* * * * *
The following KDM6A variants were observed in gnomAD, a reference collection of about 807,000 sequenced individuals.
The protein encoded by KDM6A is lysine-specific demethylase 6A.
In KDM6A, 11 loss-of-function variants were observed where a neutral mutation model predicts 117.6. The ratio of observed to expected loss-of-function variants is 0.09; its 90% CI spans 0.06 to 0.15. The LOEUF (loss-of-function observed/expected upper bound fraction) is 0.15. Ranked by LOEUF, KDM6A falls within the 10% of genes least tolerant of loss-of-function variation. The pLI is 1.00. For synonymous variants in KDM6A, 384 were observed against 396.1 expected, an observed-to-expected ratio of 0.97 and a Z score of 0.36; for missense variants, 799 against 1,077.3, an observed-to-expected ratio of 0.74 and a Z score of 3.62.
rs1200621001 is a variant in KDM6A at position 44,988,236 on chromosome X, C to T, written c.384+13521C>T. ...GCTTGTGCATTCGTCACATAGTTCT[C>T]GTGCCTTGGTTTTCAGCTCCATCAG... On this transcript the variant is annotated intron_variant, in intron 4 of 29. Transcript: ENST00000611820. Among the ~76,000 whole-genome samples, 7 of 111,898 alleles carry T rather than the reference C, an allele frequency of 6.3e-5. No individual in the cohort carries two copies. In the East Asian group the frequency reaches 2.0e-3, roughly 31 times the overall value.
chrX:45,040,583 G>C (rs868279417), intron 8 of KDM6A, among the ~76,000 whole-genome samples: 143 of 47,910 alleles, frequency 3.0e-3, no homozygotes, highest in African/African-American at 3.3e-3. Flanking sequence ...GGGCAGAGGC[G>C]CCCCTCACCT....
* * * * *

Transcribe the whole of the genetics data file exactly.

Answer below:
The following KDM6A variants were observed in gnomAD, a reference collection of about 807,000 sequenced individuals.
The protein encoded by KDM6A is lysine-specific demethylase 6A.
In KDM6A, 11 loss-of-function variants were observed where a neutral mutation model predicts 117.6. The ratio of observed to expected loss-of-function variants is 0.09; its 90% CI spans 0.06 to 0.15. The LOEUF (loss-of-function observed/expected upper bound fraction) is 0.15. Ranked by LOEUF, KDM6A falls within the 10% of genes least tolerant of loss-of-function variation. The pLI is 1.00. For synonymous variants in KDM6A, 384 were observed against 396.1 expected, an observed-to-expected ratio of 0.97 and a Z score of 0.36; for missense variants, 799 against 1,077.3, an observed-to-expected ratio of 0.74 and a Z score of 3.62.
rs1200621001 is a variant in KDM6A at position 44,988,236 on chromosome X, C to T, written c.384+13521C>T. ...GCTTGTGCATTCGTCACATAGTTCT[C>T]GTGCCTTGGTTTTCAGCTCCATCAG... On this transcript the variant is annotated intron_variant, in intron 4 of 29. Transcript: ENST00000611820. Among the ~76,000 whole-genome samples, 7 of 111,898 alleles carry T rather than the reference C, an allele frequency of 6.3e-5. No individual in the cohort carries two copies. In the East Asian group the frequency reaches 2.0e-3, roughly 31 times the overall value.
chrX:45,040,583 G>C (rs868279417), intron 8 of KDM6A, among the ~76,000 whole-genome samples: 143 of 47,910 alleles, frequency 3.0e-3, no homozygotes, highest in African/African-American at 3.3e-3. Flanking sequence ...GGGCAGAGGC[G>C]CCCCTCACCT....